warm blood, is the same as blood.
5. The fleshy nature of man.
Nor gives it satisfaction to our blood. --Shak.
6. The shedding of blood; the taking of life, murder;
So wills the fierce, avenging sprite,
Till blood for blood atones. --Hood.
7. A bloodthirsty or murderous disposition. [R.]
He was a thing of blood, whose every motion
Was timed with dying cries. --Shak.
8. Temper of mind; disposition; state of the passions; -- as
if the blood were the seat of emotions.
When you perceive his blood inclined to mirth.
Note: Often, in this sense, accompanied with bad, cold, warm,
or other qualifying word. Thus, to commit an act in
cold blood, is to do it deliberately, and without
sudden passion; to do it in bad blood, is to do it in
anger. Warm blood denotes a temper inflamed or
irritated. To warm or heat the blood is to excite the
passions. Qualified by up, excited feeling or passion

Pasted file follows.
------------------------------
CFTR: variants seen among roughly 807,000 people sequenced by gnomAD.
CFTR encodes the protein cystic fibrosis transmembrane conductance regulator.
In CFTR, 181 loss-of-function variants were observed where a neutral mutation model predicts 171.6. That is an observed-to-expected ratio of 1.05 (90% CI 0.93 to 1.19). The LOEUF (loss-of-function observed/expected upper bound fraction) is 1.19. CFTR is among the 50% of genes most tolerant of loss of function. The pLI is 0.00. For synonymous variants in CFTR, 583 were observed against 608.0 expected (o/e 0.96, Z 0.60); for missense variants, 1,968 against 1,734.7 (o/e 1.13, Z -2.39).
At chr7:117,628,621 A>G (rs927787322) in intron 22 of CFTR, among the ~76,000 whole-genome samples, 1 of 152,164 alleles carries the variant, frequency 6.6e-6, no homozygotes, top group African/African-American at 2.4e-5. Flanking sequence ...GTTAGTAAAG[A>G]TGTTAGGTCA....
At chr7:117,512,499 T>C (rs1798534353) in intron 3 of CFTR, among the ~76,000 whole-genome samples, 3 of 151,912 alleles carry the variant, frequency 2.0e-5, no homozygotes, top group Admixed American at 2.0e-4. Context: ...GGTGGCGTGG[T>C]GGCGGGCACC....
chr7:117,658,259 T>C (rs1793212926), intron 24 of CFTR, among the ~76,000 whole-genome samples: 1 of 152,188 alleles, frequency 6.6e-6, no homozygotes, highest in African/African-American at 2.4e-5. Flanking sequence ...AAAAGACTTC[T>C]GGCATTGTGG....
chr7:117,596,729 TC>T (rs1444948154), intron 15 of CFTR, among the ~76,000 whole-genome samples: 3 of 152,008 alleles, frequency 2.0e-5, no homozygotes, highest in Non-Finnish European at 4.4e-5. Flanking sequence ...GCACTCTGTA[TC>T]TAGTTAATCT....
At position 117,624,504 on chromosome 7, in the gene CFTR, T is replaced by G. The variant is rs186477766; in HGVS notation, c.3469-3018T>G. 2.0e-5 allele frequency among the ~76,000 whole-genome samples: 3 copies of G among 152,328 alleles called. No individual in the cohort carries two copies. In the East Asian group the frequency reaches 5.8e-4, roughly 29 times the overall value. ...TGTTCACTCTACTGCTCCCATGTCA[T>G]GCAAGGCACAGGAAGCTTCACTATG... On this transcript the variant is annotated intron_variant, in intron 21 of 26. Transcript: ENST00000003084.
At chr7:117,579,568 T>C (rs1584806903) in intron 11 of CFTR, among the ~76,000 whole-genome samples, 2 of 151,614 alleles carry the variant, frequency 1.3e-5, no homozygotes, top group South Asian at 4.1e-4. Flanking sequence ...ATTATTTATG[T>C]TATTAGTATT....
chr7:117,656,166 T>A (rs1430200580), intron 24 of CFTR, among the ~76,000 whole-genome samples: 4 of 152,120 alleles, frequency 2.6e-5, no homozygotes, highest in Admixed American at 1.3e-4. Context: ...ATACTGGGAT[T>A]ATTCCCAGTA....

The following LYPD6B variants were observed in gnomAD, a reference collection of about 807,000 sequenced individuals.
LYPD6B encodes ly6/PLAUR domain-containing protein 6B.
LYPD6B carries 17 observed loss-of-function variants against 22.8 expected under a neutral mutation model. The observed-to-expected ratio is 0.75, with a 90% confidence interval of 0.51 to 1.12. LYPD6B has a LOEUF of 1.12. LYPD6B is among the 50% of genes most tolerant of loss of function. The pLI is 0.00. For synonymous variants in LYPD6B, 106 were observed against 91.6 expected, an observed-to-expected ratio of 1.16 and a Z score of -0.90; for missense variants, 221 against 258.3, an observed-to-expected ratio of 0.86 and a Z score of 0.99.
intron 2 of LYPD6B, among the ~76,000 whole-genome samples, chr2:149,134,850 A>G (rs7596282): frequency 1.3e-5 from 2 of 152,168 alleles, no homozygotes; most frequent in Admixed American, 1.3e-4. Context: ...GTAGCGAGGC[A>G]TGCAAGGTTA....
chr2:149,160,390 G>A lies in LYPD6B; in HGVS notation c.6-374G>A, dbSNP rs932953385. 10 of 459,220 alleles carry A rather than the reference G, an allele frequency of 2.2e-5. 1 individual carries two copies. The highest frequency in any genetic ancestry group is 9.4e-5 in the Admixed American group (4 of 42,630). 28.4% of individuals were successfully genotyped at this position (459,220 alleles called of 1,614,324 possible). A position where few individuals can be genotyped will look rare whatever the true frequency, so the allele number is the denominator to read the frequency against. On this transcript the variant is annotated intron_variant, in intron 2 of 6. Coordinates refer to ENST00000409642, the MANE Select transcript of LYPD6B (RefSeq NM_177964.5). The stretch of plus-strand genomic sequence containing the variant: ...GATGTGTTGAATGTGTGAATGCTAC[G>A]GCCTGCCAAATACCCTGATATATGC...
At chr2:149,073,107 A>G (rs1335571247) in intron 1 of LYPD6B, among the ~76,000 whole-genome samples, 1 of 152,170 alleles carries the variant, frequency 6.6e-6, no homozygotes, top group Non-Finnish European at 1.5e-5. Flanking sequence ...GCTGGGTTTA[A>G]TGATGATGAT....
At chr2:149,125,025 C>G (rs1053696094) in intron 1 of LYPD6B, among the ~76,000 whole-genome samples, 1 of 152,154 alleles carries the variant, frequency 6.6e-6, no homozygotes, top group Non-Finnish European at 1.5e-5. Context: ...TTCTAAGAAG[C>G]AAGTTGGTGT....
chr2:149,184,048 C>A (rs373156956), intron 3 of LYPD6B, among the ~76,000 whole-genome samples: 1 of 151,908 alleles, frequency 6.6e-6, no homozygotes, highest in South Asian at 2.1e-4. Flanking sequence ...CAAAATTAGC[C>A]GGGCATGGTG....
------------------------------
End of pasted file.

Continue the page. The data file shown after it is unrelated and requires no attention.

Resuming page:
is signified; as, my blood was up.
9. A man of fire or spirit; a fiery spark; a gay, showy man;
Seest thou not . . . how giddily 'a turns about all
the hot bloods between fourteen and five and thirty?
It was the morning costume of a dandy or blood.
10. The juice of anything, especially if red.
He washed . . . his clothes in the blood of grapes.
Note: Blood is often used as an adjective, and as the first
part of self-explaining compound words; as,
blood-bespotted, blood-bought, blood-curdling,
blood-dyed, blood-red, blood-spilling, blood-stained,
Blood baptism (Eccl. Hist.), the martyrdom of those who had
not been baptized. They were considered as baptized in